Thursday, June 21, 2007

Yet another kind of data

Note... I'll be in Vancouver, B.C., for next week's LabVIEW Developer Education Days on June 26. I hope to see some of you there.

As I mentioned last time, there's a fourth kind of data that can show up in the profile window...Default Data.

I'll go back to the simple VI I used in the last posting. It's an array of int8's wired to an array of int8's. The default value of each array is empty. This means that when I load the VI into memory, the front panel doesn't have the arrays allocated. (And the VI only takes up about 8 kilobytes of disk space.) For my earlier profiling tests, I was typing a new value into the millionth element of the array control, which allocates the million bytes for it. When I ran this VI, it consumed five megabytes of data.

Now let's see what happens when I go ahead and "Make Current Value Default" for the million-byte array...

When I run the VI (and I've run it more than once, so you can see the final values in the profile window), you see that the five megabytes has turned into six megabytes. The profile window is now showing you that there's an extra megabyte of memory being consumed by this VI, because of the default data.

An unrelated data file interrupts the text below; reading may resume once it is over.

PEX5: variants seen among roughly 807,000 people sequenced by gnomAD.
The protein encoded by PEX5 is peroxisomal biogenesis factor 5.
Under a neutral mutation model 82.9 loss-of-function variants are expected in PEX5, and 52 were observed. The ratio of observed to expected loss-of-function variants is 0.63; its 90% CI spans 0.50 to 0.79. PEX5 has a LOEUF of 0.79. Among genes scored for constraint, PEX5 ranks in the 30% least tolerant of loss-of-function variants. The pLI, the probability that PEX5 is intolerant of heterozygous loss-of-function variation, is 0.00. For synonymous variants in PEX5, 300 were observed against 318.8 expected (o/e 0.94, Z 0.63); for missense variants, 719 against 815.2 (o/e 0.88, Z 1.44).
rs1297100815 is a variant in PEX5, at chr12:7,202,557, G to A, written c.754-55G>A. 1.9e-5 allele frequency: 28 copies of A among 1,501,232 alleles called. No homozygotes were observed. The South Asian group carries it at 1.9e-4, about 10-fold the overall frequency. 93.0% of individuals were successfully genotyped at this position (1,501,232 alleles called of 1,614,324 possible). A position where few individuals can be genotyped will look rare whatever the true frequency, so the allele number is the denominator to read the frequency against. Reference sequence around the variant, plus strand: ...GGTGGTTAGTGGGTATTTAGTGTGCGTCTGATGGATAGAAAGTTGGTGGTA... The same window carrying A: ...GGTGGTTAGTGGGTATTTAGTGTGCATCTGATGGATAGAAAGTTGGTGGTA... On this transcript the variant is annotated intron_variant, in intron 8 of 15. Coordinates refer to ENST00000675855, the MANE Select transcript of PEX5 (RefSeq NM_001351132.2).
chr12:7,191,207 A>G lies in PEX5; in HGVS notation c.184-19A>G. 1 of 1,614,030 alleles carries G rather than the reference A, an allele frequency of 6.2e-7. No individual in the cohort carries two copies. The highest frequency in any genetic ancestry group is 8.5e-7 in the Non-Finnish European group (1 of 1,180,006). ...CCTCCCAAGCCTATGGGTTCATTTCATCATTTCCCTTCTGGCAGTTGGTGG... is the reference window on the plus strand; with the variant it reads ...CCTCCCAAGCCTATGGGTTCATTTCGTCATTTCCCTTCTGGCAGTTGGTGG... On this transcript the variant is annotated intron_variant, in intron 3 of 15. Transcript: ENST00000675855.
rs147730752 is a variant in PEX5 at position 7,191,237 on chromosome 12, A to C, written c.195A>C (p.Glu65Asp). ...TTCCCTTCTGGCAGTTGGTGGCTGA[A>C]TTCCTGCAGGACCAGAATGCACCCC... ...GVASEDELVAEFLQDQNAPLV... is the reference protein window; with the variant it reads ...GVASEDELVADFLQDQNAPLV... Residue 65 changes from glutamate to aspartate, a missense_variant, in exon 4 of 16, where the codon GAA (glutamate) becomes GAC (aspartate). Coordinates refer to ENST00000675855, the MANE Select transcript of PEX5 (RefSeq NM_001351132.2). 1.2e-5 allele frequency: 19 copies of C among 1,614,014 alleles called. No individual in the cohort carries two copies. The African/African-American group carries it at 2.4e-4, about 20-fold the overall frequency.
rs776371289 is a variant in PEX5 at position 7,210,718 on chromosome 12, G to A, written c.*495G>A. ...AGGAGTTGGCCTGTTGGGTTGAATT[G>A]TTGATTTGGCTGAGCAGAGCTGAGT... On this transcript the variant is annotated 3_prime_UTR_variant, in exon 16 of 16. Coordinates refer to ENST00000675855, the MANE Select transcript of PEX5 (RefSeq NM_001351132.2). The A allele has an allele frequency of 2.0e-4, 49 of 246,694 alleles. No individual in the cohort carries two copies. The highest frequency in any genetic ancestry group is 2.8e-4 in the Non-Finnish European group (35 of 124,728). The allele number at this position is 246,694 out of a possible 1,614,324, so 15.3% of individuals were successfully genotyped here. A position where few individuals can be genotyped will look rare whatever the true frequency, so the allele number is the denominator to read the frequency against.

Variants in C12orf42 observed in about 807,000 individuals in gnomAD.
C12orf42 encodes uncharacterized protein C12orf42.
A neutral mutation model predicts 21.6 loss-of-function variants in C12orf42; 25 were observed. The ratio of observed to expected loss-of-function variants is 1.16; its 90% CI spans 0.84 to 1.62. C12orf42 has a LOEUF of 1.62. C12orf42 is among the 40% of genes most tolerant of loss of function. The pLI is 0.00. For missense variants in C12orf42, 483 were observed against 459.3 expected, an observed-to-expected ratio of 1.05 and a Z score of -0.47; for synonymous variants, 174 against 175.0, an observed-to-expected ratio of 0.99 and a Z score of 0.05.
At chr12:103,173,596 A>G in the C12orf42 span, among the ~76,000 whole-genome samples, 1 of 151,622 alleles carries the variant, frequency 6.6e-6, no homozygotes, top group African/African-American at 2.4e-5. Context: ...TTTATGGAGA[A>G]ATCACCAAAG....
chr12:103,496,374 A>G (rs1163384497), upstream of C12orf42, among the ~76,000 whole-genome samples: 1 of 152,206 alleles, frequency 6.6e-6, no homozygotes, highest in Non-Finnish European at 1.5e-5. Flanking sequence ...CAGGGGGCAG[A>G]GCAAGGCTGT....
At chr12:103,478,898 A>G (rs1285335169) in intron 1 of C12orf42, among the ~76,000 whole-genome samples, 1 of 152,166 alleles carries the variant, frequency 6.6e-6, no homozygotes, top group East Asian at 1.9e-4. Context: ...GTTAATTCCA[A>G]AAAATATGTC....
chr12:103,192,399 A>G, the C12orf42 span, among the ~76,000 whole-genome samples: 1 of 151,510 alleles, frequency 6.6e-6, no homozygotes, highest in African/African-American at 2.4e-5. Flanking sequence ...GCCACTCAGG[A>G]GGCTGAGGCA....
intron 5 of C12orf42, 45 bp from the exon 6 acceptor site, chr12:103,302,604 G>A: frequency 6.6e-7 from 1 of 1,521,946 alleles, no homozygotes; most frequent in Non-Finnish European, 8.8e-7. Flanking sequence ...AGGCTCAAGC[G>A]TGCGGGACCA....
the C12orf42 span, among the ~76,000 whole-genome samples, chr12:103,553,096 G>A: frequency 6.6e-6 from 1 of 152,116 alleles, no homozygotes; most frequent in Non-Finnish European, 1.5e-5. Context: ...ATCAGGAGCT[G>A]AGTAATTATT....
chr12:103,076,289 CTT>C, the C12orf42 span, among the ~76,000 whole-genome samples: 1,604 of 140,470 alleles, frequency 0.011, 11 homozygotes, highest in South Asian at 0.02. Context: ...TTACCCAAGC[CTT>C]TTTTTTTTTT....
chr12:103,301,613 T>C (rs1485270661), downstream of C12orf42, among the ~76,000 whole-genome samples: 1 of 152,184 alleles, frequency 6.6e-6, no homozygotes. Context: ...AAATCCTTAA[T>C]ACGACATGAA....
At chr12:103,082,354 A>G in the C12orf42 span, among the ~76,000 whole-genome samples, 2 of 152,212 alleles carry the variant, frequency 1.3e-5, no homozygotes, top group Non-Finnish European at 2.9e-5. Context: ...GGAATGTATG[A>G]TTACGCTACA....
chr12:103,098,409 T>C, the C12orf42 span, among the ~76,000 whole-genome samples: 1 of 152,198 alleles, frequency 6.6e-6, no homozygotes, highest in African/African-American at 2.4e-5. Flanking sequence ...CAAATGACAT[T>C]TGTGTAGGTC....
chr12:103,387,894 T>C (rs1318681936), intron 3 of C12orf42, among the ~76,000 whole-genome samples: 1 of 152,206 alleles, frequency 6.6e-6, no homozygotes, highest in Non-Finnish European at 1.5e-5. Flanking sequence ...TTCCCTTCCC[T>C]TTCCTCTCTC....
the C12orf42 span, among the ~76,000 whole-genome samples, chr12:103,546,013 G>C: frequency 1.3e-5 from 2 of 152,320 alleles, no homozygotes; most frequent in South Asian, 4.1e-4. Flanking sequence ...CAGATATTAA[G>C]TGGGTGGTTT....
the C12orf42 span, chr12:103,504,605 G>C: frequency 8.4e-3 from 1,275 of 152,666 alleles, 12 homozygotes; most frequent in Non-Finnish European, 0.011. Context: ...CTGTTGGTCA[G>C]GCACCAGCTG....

To take it a step further, if I also made the indicator array's data the default, I'd be growing the memory consumption to seven megabytes.

Default data is often a good thing, but we sometimes find VIs where we've saved a large amount of data as default accidentally. This is easy to do if you select the "Make All Current Values Default" menu item from the Edit menu. I try to stay away from this menu item, and instead only set the default value for the controls I know that need it.

Pop Quiz: Default data on a front panel control is useful, for example, when the control is on the connector pane, but isn't wired in the caller's diagram. The subVI runs with the default value in that case. When is default data on an indicator useful?

Note that the VI Analyzer reports non-empty default values for arrays so that you can take a closer look at them. (The VI Analyzer is a separate add-on for LabVIEW that can check your VIs for common programming errors, style conformance, and in this case, performance issues.)

Interesting side note... When I save my new test VI to disk, how much disk space do you think it consumes? Seven megabytes? Two megabytes?

It turns out that it takes up about 8 kilobytes, which is about what it took when I hadn't saved any default data. Why is that? It's because my default data was entirely made up of zeros. The VI's data gets compressed when it's saved, and a million zeros compresses very well.

Just for fun, I created an identical VI with a million bytes of random data saved as default data for each front panel array. That VI took about 1.2 megabytes on disk—still, that's a 40% savings over the uncompressed data, which is pretty good, I think. (Your mileage may vary.)

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